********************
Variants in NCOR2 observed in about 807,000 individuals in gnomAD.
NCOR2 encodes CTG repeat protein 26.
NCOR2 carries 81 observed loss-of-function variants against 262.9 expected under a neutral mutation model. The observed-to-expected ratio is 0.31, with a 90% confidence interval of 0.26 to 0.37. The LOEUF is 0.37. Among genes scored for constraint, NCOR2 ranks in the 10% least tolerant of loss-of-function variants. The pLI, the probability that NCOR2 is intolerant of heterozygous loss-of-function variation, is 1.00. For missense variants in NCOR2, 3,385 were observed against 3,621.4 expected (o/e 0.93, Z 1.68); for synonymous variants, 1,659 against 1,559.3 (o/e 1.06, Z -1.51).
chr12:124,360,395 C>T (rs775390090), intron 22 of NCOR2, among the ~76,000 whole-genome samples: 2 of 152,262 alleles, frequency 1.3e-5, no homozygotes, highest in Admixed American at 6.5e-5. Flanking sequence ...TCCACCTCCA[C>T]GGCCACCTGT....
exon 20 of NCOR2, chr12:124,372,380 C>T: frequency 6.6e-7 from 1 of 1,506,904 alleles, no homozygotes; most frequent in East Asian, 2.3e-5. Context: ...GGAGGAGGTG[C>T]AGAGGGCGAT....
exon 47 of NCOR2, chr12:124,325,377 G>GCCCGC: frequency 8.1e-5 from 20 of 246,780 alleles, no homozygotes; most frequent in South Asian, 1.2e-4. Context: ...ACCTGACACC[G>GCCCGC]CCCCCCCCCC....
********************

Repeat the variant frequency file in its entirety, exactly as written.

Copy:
Variants in NCOR2 observed in about 807,000 individuals in gnomAD.
NCOR2 encodes CTG repeat protein 26.
NCOR2 carries 81 observed loss-of-function variants against 262.9 expected under a neutral mutation model. The observed-to-expected ratio is 0.31, with a 90% confidence interval of 0.26 to 0.37. The LOEUF is 0.37. Among genes scored for constraint, NCOR2 ranks in the 10% least tolerant of loss-of-function variants. The pLI, the probability that NCOR2 is intolerant of heterozygous loss-of-function variation, is 1.00. For missense variants in NCOR2, 3,385 were observed against 3,621.4 expected (o/e 0.93, Z 1.68); for synonymous variants, 1,659 against 1,559.3 (o/e 1.06, Z -1.51).
chr12:124,360,395 C>T (rs775390090), intron 22 of NCOR2, among the ~76,000 whole-genome samples: 2 of 152,262 alleles, frequency 1.3e-5, no homozygotes, highest in Admixed American at 6.5e-5. Flanking sequence ...TCCACCTCCA[C>T]GGCCACCTGT....
exon 20 of NCOR2, chr12:124,372,380 C>T: frequency 6.6e-7 from 1 of 1,506,904 alleles, no homozygotes; most frequent in East Asian, 2.3e-5. Context: ...GGAGGAGGTG[C>T]AGAGGGCGAT....
exon 47 of NCOR2, chr12:124,325,377 G>GCCCGC: frequency 8.1e-5 from 20 of 246,780 alleles, no homozygotes; most frequent in South Asian, 1.2e-4. Context: ...ACCTGACACC[G>GCCCGC]CCCCCCCCCC....